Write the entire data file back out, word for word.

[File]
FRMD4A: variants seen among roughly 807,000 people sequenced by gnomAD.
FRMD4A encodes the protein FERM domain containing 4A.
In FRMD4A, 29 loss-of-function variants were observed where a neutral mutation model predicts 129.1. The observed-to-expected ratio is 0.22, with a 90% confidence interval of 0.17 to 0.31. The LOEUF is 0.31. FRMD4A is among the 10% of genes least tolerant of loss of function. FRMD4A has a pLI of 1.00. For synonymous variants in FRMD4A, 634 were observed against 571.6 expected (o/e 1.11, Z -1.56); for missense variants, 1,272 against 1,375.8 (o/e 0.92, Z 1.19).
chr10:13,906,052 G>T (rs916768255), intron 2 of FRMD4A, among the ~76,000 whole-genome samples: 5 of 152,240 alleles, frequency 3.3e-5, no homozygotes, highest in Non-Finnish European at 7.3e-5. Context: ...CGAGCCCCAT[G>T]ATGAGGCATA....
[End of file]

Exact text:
FRMD4A: variants seen among roughly 807,000 people sequenced by gnomAD.
FRMD4A encodes the protein FERM domain containing 4A.
In FRMD4A, 29 loss-of-function variants were observed where a neutral mutation model predicts 129.1. The observed-to-expected ratio is 0.22, with a 90% confidence interval of 0.17 to 0.31. The LOEUF is 0.31. FRMD4A is among the 10% of genes least tolerant of loss of function. FRMD4A has a pLI of 1.00. For synonymous variants in FRMD4A, 634 were observed against 571.6 expected (o/e 1.11, Z -1.56); for missense variants, 1,272 against 1,375.8 (o/e 0.92, Z 1.19).
chr10:13,906,052 G>T (rs916768255), intron 2 of FRMD4A, among the ~76,000 whole-genome samples: 5 of 152,240 alleles, frequency 3.3e-5, no homozygotes, highest in Non-Finnish European at 7.3e-5. Context: ...CGAGCCCCAT[G>T]ATGAGGCATA....